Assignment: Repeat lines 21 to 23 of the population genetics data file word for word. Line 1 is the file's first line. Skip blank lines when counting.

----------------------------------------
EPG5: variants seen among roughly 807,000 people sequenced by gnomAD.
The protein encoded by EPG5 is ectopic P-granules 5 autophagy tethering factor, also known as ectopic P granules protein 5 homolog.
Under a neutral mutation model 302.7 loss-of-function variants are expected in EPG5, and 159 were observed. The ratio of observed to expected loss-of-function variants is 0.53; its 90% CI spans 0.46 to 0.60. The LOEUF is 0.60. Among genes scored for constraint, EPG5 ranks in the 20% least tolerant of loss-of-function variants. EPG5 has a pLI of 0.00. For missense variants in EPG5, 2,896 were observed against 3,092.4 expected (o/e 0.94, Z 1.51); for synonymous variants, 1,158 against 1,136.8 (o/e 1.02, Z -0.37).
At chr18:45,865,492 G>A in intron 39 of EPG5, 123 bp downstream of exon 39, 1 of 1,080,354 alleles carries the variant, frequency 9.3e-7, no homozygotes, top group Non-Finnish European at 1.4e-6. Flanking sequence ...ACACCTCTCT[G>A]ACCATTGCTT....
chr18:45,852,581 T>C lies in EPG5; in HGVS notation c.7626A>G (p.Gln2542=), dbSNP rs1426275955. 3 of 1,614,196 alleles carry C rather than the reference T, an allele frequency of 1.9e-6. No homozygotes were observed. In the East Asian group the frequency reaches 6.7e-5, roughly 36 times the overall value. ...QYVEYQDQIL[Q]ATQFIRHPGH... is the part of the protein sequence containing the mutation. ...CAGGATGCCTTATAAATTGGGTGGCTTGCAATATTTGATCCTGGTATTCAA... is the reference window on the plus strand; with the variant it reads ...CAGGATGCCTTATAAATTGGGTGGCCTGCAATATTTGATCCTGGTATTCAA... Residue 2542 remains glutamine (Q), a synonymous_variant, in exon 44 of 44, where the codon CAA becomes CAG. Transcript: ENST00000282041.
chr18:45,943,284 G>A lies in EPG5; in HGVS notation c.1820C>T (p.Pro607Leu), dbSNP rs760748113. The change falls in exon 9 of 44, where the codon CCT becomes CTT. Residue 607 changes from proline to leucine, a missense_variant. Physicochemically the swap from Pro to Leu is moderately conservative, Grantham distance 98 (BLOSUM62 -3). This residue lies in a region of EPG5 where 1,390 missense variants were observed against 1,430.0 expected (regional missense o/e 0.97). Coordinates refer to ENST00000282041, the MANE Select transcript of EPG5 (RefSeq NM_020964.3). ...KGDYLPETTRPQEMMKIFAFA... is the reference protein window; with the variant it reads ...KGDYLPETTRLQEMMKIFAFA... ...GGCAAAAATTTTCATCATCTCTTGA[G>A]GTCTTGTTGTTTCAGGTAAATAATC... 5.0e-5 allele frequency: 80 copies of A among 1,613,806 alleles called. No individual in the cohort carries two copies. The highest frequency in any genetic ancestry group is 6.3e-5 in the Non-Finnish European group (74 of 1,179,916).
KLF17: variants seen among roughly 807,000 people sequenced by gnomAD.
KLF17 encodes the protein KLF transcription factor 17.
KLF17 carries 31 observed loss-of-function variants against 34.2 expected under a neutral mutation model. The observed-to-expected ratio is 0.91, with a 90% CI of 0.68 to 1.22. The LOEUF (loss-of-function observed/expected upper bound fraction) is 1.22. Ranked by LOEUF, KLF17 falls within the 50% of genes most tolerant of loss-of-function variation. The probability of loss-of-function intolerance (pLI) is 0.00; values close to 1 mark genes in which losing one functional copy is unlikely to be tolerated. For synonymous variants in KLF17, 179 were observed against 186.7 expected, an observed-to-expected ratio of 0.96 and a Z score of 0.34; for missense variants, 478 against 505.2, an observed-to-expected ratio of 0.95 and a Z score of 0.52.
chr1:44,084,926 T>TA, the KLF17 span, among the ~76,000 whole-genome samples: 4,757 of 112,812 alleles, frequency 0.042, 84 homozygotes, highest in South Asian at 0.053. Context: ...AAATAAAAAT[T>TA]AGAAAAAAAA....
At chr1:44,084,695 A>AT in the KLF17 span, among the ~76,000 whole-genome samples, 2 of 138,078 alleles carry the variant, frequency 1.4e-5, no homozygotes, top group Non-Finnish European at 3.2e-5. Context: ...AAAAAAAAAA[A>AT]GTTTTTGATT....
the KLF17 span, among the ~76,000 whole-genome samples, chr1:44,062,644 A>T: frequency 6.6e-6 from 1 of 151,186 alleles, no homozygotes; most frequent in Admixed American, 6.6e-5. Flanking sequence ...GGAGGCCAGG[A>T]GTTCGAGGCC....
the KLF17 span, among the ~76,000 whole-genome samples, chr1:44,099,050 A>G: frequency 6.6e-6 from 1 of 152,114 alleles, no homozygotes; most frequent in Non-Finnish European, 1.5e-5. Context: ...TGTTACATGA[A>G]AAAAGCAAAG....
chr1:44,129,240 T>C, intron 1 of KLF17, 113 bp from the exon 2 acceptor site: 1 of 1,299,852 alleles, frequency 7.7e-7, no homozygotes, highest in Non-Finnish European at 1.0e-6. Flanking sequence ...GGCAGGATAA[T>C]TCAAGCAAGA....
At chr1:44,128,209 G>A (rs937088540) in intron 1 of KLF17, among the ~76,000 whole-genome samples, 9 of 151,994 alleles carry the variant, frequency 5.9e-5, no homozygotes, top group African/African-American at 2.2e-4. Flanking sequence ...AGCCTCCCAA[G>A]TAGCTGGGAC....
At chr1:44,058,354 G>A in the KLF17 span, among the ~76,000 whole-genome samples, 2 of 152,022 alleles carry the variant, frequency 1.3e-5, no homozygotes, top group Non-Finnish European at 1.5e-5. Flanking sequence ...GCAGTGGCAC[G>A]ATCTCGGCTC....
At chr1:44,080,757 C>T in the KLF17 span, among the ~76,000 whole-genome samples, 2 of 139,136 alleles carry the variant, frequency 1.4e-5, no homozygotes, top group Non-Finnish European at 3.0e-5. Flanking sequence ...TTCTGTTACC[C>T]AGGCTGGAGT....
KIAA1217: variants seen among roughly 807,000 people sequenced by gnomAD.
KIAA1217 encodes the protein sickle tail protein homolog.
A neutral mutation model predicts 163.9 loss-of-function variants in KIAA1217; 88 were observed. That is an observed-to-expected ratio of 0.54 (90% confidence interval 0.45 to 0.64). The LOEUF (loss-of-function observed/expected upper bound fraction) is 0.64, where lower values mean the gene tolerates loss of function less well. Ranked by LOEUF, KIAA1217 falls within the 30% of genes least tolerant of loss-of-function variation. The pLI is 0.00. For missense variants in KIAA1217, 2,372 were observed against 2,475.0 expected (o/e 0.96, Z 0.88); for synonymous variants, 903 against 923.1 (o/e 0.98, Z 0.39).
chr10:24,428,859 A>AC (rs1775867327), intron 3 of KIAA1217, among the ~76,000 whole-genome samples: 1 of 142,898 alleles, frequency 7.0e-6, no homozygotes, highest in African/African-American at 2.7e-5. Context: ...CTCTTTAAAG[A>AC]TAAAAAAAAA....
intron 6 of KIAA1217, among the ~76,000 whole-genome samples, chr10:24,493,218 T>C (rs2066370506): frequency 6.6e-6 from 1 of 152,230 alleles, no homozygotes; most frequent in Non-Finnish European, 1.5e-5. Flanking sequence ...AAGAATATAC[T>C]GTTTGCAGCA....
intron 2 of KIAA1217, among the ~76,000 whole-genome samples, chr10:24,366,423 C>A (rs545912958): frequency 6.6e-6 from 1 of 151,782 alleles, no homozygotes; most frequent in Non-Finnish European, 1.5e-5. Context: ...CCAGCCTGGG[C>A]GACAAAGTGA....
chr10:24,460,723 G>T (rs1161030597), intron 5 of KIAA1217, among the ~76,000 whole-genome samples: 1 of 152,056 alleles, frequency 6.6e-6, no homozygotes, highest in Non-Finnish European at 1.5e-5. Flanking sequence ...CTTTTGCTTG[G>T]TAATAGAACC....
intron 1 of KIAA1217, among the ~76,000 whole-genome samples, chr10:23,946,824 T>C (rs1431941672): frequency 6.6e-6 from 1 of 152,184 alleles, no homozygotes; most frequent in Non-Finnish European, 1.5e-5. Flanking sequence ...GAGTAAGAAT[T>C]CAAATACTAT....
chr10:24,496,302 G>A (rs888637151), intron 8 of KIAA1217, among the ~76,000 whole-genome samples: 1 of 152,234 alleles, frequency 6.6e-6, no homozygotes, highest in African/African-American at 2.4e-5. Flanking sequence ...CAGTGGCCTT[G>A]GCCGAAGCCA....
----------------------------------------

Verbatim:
chr10:24,428,859 A>AC (rs1775867327), intron 3 of KIAA1217, among the ~76,000 whole-genome samples: 1 of 142,898 alleles, frequency 7.0e-6, no homozygotes, highest in African/African-American at 2.7e-5. Context: ...CTCTTTAAAG[A>AC]TAAAAAAAAA....
intron 6 of KIAA1217, among the ~76,000 whole-genome samples, chr10:24,493,218 T>C (rs2066370506): frequency 6.6e-6 from 1 of 152,230 alleles, no homozygotes; most frequent in Non-Finnish European, 1.5e-5. Flanking sequence ...AAGAATATAC[T>C]GTTTGCAGCA....
intron 2 of KIAA1217, among the ~76,000 whole-genome samples, chr10:24,366,423 C>A (rs545912958): frequency 6.6e-6 from 1 of 151,782 alleles, no homozygotes; most frequent in Non-Finnish European, 1.5e-5. Context: ...CCAGCCTGGG[C>A]GACAAAGTGA....